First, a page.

2021-07-09
Canada Sheds More Jobs than Expected in May
The Canadian economy shed 68 thousand jobs in May of 2021, more than market expectations of a 20 thousand decline in employment and added to a decline of 207 thousand jobs in the previous month. The contraction seen in the current month reflects the rollout of tighter public health restrictions following the previous release, including an ongoing lockdown in Ontario, while Quebec and New Brunswick eased some restrictions towards late May. Both full-time (-13,800; -0.1%) and part-time (-54,200; -1.6%) employment fell. The most impacted industries were manufacturing (-35,900; -2.0%); other services (-24,100; -3.2%); wholesale and retail (-21,200; -0.8%); and construction (-15,800; -1.1%). Meanwhile, employment in the accommodation and food industry was little changed in May but stood at almost one third below pre-pandemic levels. The largest drops in workforce were seen in the provinces of Ontario (-31,600; -0.4%), Nova Scotia (-22,200; -4.8%), and Quebec (-8,000; -0.2%).
2021-06-04
Canadian Economy Sheds More Jobs than Expected
The Canadian economy shed 207 thousand jobs in April of 2021, more than market expectations of a 175 thousand contraction and pausing a two-month cumulative growth in employment. The drop was almost as large as in January of 2021, as pandemic restrictions were tightened across several provinces, including a lockdown in Ontario. Both full-time (-129,000; -0.8%) and part-time (-78,000; -2.3%) employment fell. The most impacted industries were retail trade (-84,000; -3.8%); accommodation and food services (-59,000; -6.4%); and information, culture and recreation (-26,000; -3.6%). Labor market dynamics differed between provinces, with more jobs being lost in Ontario (-153,000; -2.1%) and British Columbia (-43,000; -1.6%), while Quebec was unchanged and Saskatchewan saw jobs rise (+9,500; +1.7%). Virtually all jobs erased in April were among private sector employees (-204,000; -1.7%), while self-employment continued to rise (+9,700; +0.4%).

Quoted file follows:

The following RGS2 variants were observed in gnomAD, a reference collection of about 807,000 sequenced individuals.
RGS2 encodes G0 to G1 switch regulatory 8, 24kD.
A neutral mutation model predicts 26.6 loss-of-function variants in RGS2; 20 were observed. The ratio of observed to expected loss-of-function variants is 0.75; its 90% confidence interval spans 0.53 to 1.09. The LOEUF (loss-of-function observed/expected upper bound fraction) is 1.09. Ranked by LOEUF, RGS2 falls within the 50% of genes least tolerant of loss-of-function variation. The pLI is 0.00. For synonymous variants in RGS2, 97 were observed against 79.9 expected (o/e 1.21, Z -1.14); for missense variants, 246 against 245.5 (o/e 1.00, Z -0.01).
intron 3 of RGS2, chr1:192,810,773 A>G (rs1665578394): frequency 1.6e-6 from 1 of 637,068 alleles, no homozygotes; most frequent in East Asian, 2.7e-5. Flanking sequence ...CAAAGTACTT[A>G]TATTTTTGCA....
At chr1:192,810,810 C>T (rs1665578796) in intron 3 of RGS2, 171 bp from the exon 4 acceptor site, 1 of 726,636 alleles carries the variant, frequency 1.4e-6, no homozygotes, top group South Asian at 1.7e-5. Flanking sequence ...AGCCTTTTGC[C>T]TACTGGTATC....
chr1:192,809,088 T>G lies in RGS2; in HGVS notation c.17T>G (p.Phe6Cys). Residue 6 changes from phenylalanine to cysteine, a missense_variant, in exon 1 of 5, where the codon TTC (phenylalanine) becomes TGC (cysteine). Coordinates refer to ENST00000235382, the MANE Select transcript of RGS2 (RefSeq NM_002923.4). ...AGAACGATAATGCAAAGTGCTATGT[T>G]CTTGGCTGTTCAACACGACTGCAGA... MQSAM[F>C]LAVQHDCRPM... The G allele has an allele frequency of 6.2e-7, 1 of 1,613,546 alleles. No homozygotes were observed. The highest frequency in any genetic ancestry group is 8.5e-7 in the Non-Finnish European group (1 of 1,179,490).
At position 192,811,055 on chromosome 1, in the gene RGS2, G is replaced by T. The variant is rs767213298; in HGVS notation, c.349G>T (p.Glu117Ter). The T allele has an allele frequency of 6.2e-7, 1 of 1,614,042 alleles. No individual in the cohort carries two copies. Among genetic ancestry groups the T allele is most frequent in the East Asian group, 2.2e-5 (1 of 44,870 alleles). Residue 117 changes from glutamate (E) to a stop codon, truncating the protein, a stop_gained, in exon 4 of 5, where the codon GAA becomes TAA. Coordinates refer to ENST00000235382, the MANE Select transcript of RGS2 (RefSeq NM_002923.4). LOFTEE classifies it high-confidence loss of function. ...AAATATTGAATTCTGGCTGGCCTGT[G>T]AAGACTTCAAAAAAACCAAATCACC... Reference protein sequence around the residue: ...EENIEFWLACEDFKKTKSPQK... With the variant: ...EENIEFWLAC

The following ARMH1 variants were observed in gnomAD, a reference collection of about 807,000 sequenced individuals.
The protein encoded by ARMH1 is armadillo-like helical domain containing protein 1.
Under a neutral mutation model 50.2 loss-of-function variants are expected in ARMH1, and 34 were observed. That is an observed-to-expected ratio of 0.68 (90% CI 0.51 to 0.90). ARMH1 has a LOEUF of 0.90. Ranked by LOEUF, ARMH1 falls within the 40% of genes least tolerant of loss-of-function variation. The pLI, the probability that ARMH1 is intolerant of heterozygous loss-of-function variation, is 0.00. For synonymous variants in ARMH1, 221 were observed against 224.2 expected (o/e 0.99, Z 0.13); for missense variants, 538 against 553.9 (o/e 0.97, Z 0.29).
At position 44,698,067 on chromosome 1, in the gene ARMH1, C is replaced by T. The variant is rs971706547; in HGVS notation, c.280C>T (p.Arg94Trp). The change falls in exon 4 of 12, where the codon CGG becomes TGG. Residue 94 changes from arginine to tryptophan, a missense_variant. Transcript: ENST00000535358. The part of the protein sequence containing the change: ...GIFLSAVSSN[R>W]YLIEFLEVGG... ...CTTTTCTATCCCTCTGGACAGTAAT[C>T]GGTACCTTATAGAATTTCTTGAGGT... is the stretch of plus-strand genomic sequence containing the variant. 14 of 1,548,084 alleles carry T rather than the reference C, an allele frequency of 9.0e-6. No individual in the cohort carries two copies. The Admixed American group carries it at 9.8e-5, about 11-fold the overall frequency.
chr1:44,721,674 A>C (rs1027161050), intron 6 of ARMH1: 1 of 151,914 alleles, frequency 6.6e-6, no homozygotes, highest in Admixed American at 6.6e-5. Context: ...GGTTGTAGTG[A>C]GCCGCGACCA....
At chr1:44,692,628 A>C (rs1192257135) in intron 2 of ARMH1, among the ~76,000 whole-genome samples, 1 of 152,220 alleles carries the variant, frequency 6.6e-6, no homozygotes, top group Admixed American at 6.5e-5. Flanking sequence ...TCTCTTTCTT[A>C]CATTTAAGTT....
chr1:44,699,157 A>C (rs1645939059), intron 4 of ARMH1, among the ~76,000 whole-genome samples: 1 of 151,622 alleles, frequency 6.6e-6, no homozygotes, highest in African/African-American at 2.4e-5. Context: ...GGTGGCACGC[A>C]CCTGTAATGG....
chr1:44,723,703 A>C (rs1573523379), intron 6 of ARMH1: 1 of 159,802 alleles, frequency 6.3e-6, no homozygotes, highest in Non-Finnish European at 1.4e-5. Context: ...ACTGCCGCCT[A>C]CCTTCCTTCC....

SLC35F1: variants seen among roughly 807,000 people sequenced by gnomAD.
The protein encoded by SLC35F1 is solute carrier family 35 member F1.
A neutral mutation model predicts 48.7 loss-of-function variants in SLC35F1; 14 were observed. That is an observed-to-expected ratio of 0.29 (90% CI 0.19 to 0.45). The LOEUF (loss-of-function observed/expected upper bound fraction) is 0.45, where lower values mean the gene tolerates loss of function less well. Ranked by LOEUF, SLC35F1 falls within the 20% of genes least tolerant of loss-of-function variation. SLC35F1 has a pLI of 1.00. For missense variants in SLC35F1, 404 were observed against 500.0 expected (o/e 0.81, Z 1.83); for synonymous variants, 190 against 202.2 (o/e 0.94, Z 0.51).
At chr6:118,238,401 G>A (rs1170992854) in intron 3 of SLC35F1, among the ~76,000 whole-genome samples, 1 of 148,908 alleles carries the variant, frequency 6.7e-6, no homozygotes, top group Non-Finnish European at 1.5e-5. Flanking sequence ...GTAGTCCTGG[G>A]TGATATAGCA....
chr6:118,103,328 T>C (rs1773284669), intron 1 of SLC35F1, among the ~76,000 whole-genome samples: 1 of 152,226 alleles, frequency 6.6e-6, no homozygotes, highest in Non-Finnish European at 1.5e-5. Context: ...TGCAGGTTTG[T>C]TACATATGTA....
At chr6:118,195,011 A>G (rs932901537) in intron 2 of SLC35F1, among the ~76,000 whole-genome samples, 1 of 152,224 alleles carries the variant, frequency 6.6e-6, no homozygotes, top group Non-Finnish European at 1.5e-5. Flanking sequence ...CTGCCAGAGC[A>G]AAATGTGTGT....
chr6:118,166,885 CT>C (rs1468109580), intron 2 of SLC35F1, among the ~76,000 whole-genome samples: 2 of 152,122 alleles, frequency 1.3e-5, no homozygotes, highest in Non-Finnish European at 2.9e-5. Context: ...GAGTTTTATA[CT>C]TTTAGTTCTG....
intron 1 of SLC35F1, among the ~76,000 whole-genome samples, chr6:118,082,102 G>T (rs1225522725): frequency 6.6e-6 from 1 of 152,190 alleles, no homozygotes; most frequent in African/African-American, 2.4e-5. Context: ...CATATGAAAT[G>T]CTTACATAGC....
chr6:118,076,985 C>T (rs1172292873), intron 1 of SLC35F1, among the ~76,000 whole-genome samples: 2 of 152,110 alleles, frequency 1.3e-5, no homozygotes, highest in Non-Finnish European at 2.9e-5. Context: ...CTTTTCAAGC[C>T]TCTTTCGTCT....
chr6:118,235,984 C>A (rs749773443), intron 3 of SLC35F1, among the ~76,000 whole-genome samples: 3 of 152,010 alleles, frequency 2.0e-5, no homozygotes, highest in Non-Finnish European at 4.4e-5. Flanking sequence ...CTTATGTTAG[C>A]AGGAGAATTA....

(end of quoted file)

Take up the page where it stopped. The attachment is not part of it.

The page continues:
2021-05-07
Canadian Economy Adds More Jobs than Expected
The Canadian economy created 303 thousand jobs in March of 2021, above market expectations of a 100 thousand rise, bringing employment to within 1.5% of its pre-COVID February 2020 level. Both full-time (+175,000; +1.2%) and part-time (+128,000; +3.9%) employment increased. Self-employment rose for the first time in three months, up 56,000 (+2.1%), but remained 5.4% (-156,000) below its pre-COVID February 2020 level. Employment in retail trade rose by 95,000 (+4.5%) in March, fully recouping the remainder of the losses sustained in January. The number of people working in information, culture and recreation also went up (+62,000; +9.4%) for the first time since September. There were 21,000 (+2.4%) more people working in accommodation and food services. Employment increased in most provinces, namely Newfoundland and Labrador, Prince Edward Island, Quebec, Ontario, Manitoba, Alberta and British Columbia.
2021-04-09

Canada Employment Change
In Canada, employment change refers to the change in the number of persons who work for pay or profit, or perform unpaid family work. Estimates include both full-time and part-time employment.